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Enthalpy of migration
In order for atoms to diffuse they must overcome the energy barrier associated with changing their position. The more kinetic energy the atoms have, the more likely it is that the energy barrier will be overcome. The greater the temperature of the system, the greater the kinetic energy of the atoms, therefore temperature has a significant effect on the diffusivity of the species. The energy needed to overcome the barrier is the enthalpy of migration.
For a system with attempt frequency v0 the frequency of successful jumps is given by an Arrhenius dependence:
Where ν0 is the pre-exponential, G* is the magnitude of the energy barrier (or the free energy associated with diffusion), KB is Boltzmann’s constant and T is the temperature.
G* = H* - TS*
Where H* = enthalpy of migration and S* = entropy of migration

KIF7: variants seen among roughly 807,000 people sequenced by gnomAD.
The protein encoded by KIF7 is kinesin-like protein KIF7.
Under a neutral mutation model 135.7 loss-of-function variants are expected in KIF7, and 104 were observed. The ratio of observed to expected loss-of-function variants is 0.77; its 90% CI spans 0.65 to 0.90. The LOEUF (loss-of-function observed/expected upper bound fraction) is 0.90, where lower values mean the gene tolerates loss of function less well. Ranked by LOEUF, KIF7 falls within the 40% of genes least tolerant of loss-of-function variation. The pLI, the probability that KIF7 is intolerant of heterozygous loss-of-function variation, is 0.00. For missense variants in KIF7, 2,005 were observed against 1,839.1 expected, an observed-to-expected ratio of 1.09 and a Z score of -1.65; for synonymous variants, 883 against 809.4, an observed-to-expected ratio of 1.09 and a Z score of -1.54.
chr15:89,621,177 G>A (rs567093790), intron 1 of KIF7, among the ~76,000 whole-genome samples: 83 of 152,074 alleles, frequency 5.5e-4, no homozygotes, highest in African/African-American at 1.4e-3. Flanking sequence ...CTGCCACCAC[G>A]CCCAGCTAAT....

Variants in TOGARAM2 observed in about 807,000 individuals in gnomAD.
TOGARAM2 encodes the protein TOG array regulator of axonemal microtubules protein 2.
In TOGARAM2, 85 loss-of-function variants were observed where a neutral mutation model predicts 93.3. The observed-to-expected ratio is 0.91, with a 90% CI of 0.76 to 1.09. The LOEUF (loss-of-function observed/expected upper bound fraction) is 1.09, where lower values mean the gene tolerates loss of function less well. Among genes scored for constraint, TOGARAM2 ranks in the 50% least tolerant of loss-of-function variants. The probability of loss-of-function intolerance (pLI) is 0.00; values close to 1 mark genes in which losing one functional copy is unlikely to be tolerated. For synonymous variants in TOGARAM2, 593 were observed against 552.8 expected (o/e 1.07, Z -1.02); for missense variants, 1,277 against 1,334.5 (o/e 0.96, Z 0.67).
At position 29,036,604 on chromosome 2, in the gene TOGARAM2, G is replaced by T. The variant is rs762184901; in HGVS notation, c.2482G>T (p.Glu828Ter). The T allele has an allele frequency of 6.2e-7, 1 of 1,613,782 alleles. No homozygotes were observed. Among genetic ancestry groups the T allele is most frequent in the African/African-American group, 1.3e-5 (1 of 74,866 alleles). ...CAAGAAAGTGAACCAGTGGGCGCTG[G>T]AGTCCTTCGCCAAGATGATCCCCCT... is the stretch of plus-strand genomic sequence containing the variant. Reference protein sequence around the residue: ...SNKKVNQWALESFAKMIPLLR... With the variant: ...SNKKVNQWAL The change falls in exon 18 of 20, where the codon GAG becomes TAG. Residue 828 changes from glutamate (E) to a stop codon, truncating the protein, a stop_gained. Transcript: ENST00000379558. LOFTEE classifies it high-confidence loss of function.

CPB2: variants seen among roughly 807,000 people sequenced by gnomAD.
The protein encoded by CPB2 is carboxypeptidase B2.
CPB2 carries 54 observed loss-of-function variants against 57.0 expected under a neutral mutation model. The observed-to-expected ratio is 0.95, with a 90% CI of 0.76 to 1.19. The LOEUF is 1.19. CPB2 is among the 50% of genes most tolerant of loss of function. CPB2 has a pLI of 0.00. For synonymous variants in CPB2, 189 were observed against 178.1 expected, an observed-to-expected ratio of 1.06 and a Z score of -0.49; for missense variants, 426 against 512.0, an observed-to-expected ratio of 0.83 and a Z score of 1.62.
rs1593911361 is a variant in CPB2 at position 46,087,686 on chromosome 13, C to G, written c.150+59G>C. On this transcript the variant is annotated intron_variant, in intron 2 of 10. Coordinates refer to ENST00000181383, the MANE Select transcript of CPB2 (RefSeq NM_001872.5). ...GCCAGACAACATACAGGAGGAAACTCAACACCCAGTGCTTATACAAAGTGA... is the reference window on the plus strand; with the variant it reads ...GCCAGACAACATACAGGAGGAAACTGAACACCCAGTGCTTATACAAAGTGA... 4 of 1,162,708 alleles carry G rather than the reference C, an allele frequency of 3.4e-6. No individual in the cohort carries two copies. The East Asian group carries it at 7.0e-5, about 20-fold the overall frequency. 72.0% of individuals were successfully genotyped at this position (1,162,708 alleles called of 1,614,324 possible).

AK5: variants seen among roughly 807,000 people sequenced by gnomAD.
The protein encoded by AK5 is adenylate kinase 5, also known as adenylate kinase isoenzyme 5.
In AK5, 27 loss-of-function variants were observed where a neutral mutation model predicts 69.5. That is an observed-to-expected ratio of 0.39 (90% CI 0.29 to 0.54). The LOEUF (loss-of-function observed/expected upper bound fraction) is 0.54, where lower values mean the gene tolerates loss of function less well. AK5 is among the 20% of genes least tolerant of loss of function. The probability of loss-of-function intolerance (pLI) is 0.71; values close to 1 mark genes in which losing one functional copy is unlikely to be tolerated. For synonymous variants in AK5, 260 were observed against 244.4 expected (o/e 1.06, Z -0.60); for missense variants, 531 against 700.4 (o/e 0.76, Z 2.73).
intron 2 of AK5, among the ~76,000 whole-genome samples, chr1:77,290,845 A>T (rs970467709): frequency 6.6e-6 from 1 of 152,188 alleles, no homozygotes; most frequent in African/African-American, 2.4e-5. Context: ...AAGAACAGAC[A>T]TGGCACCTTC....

which can be assumed to remain constant with varying temperature
H* is often denoted as Q, the activation energy for diffusion.
Enthalpy of vacancy formation
As we have discussed before, the diffusion rate in a substitutional lattice is dependent upon the number of vacancies present, which is also temperature dependent. Therefore, in the case of substitutional diffusion there is a further temperature effect to consider. The equilibrium number of vacancies, Xve, also shows an Arrhenius dependence:
Where ΔGv = free energy change on formation of vacancies, ΔSV= entropy change on formation of vacancies and ΔHV= enthalpy change on formation of vacancies.
In the equation to calculate diffusivity, Q can be separated into two components;
- Qm – the enthalpy of migration due to lattice distortions
- Qf – the enthalpy of formation of a vacancy in an adjacent site
Since the formation of a vacant site is not needed for interstitial atoms, Qinterstitial << Qsubstitional, and hence Dinterstitial >> Dsubstitional.
Temperature plays a significant role in the rate of diffusion, as it alters the equilibrium concentration of vacancies, and probability of a successful jump into a neighbouring site.
The animation below shows the effect of temperature on both substitutional and interstitial diffusion.